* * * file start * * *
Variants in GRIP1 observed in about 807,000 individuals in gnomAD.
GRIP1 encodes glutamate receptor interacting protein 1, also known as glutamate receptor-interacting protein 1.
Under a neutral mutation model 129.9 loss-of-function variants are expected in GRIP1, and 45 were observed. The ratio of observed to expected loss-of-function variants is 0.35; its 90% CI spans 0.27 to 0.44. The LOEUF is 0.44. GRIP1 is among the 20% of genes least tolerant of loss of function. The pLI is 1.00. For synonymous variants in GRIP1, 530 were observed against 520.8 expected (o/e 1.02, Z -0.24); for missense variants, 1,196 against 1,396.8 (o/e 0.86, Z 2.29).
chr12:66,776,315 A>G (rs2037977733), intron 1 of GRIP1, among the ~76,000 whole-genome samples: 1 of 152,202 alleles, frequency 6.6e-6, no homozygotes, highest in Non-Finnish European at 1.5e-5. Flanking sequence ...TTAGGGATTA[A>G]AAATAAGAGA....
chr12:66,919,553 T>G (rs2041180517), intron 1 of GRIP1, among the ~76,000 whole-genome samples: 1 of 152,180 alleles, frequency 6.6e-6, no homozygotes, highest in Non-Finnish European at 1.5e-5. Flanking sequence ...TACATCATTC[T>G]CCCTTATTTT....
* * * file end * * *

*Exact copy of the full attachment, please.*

Variants in GRIP1 observed in about 807,000 individuals in gnomAD.
GRIP1 encodes glutamate receptor interacting protein 1, also known as glutamate receptor-interacting protein 1.
Under a neutral mutation model 129.9 loss-of-function variants are expected in GRIP1, and 45 were observed. The ratio of observed to expected loss-of-function variants is 0.35; its 90% CI spans 0.27 to 0.44. The LOEUF is 0.44. GRIP1 is among the 20% of genes least tolerant of loss of function. The pLI is 1.00. For synonymous variants in GRIP1, 530 were observed against 520.8 expected (o/e 1.02, Z -0.24); for missense variants, 1,196 against 1,396.8 (o/e 0.86, Z 2.29).
chr12:66,776,315 A>G (rs2037977733), intron 1 of GRIP1, among the ~76,000 whole-genome samples: 1 of 152,202 alleles, frequency 6.6e-6, no homozygotes, highest in Non-Finnish European at 1.5e-5. Flanking sequence ...TTAGGGATTA[A>G]AAATAAGAGA....
chr12:66,919,553 T>G (rs2041180517), intron 1 of GRIP1, among the ~76,000 whole-genome samples: 1 of 152,180 alleles, frequency 6.6e-6, no homozygotes, highest in Non-Finnish European at 1.5e-5. Flanking sequence ...TACATCATTC[T>G]CCCTTATTTT....